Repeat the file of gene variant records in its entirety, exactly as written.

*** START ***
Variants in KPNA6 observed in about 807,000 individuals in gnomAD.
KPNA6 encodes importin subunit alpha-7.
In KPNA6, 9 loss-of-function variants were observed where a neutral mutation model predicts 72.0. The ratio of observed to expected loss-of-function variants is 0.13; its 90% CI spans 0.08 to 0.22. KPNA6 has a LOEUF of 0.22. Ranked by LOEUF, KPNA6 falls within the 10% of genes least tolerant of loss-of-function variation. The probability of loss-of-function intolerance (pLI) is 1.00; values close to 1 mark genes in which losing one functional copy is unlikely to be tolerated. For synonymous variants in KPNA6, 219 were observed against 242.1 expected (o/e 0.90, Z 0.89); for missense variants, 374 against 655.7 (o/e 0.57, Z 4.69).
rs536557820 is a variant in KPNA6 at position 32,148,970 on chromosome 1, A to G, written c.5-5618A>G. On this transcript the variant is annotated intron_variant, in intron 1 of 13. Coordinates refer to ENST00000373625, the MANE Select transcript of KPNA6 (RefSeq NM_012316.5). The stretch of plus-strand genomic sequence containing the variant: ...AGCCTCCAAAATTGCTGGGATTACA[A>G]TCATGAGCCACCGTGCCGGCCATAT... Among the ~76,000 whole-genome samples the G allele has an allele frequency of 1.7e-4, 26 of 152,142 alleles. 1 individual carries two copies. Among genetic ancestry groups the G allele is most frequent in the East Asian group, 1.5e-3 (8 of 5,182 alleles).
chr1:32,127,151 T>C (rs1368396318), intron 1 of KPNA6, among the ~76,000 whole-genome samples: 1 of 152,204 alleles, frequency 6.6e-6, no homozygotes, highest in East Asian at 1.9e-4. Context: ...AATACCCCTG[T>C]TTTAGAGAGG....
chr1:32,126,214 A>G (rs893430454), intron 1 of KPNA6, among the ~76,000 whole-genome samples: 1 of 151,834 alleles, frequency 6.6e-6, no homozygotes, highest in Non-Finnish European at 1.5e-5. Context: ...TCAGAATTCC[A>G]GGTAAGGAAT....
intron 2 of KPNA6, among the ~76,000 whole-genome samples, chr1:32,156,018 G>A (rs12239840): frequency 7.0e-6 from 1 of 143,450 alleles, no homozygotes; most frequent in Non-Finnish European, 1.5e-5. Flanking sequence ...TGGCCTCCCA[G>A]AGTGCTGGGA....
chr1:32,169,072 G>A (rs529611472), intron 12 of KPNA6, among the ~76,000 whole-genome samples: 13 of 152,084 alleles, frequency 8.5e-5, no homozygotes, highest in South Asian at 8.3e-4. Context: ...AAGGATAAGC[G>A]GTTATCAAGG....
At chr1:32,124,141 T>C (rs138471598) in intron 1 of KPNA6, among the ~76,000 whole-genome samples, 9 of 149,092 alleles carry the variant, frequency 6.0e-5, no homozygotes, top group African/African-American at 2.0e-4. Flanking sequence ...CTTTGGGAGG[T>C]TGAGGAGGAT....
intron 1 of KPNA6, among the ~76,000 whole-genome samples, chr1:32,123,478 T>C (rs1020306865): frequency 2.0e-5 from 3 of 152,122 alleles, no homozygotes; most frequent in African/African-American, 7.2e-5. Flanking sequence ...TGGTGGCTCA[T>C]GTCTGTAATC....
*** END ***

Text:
Variants in KPNA6 observed in about 807,000 individuals in gnomAD.
KPNA6 encodes importin subunit alpha-7.
In KPNA6, 9 loss-of-function variants were observed where a neutral mutation model predicts 72.0. The ratio of observed to expected loss-of-function variants is 0.13; its 90% CI spans 0.08 to 0.22. KPNA6 has a LOEUF of 0.22. Ranked by LOEUF, KPNA6 falls within the 10% of genes least tolerant of loss-of-function variation. The probability of loss-of-function intolerance (pLI) is 1.00; values close to 1 mark genes in which losing one functional copy is unlikely to be tolerated. For synonymous variants in KPNA6, 219 were observed against 242.1 expected (o/e 0.90, Z 0.89); for missense variants, 374 against 655.7 (o/e 0.57, Z 4.69).
rs536557820 is a variant in KPNA6 at position 32,148,970 on chromosome 1, A to G, written c.5-5618A>G. On this transcript the variant is annotated intron_variant, in intron 1 of 13. Coordinates refer to ENST00000373625, the MANE Select transcript of KPNA6 (RefSeq NM_012316.5). The stretch of plus-strand genomic sequence containing the variant: ...AGCCTCCAAAATTGCTGGGATTACA[A>G]TCATGAGCCACCGTGCCGGCCATAT... Among the ~76,000 whole-genome samples the G allele has an allele frequency of 1.7e-4, 26 of 152,142 alleles. 1 individual carries two copies. Among genetic ancestry groups the G allele is most frequent in the East Asian group, 1.5e-3 (8 of 5,182 alleles).
chr1:32,127,151 T>C (rs1368396318), intron 1 of KPNA6, among the ~76,000 whole-genome samples: 1 of 152,204 alleles, frequency 6.6e-6, no homozygotes, highest in East Asian at 1.9e-4. Context: ...AATACCCCTG[T>C]TTTAGAGAGG....
chr1:32,126,214 A>G (rs893430454), intron 1 of KPNA6, among the ~76,000 whole-genome samples: 1 of 151,834 alleles, frequency 6.6e-6, no homozygotes, highest in Non-Finnish European at 1.5e-5. Context: ...TCAGAATTCC[A>G]GGTAAGGAAT....
intron 2 of KPNA6, among the ~76,000 whole-genome samples, chr1:32,156,018 G>A (rs12239840): frequency 7.0e-6 from 1 of 143,450 alleles, no homozygotes; most frequent in Non-Finnish European, 1.5e-5. Flanking sequence ...TGGCCTCCCA[G>A]AGTGCTGGGA....
chr1:32,169,072 G>A (rs529611472), intron 12 of KPNA6, among the ~76,000 whole-genome samples: 13 of 152,084 alleles, frequency 8.5e-5, no homozygotes, highest in South Asian at 8.3e-4. Context: ...AAGGATAAGC[G>A]GTTATCAAGG....
At chr1:32,124,141 T>C (rs138471598) in intron 1 of KPNA6, among the ~76,000 whole-genome samples, 9 of 149,092 alleles carry the variant, frequency 6.0e-5, no homozygotes, top group African/African-American at 2.0e-4. Flanking sequence ...CTTTGGGAGG[T>C]TGAGGAGGAT....
intron 1 of KPNA6, among the ~76,000 whole-genome samples, chr1:32,123,478 T>C (rs1020306865): frequency 2.0e-5 from 3 of 152,122 alleles, no homozygotes; most frequent in African/African-American, 7.2e-5. Flanking sequence ...TGGTGGCTCA[T>C]GTCTGTAATC....